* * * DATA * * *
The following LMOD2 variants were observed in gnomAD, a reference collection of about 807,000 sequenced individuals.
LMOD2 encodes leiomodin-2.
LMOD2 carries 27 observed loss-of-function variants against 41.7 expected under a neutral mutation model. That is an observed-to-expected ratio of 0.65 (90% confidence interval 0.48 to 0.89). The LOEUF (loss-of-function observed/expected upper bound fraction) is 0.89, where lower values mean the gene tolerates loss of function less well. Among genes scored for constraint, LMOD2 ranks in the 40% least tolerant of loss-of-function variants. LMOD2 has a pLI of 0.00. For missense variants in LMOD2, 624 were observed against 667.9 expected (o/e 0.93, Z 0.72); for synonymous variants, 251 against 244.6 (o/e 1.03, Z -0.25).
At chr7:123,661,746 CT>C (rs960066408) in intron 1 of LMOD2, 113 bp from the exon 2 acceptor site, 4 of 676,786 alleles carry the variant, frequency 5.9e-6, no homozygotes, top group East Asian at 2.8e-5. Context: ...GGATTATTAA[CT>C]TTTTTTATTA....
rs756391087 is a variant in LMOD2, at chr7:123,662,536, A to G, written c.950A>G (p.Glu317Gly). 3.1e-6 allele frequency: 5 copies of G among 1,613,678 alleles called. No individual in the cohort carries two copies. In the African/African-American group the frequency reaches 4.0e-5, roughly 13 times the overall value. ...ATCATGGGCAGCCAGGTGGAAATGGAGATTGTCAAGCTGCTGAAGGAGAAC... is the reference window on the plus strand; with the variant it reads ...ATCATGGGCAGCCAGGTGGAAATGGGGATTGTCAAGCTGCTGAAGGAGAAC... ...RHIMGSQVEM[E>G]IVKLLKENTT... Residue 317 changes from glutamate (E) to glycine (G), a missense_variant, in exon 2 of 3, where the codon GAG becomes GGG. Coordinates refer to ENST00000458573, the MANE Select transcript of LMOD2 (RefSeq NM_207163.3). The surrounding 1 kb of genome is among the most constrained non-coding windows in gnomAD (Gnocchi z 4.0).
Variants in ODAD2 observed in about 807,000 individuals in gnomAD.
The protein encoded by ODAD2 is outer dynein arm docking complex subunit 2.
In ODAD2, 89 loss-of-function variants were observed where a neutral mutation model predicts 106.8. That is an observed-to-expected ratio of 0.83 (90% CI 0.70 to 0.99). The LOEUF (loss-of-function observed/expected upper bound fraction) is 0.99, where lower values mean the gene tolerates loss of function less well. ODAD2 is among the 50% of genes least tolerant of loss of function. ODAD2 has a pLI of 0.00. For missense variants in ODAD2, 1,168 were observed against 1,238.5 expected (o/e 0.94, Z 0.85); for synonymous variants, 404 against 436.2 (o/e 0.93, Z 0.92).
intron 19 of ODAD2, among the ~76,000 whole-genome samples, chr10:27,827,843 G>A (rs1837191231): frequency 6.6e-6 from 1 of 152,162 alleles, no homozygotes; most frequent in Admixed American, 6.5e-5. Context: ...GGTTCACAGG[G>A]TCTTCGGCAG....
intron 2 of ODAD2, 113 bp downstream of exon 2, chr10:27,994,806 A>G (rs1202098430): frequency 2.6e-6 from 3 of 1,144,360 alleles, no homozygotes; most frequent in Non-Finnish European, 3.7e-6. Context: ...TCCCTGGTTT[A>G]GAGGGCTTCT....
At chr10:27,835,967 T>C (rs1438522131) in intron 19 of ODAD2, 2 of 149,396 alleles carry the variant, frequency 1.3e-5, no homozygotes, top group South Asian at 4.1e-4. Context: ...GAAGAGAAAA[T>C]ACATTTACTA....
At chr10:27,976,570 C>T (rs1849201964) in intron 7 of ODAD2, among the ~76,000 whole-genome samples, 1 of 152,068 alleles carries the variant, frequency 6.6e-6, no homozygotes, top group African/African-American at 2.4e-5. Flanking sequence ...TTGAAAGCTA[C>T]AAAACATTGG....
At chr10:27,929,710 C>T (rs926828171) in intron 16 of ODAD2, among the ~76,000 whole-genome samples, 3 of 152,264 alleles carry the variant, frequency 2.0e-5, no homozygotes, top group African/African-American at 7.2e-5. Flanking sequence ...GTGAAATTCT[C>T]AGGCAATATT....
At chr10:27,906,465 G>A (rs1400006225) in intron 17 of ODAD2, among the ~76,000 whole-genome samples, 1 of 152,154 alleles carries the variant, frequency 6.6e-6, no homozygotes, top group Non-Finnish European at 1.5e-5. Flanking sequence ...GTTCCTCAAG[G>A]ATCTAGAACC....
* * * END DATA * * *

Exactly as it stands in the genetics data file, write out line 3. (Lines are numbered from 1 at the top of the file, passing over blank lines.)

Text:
LMOD2 carries 27 observed loss-of-function variants against 41.7 expected under a neutral mutation model. That is an observed-to-expected ratio of 0.65 (90% confidence interval 0.48 to 0.89). The LOEUF (loss-of-function observed/expected upper bound fraction) is 0.89, where lower values mean the gene tolerates loss of function less well. Among genes scored for constraint, LMOD2 ranks in the 40% least tolerant of loss-of-function variants. LMOD2 has a pLI of 0.00. For missense variants in LMOD2, 624 were observed against 667.9 expected (o/e 0.93, Z 0.72); for synonymous variants, 251 against 244.6 (o/e 1.03, Z -0.25).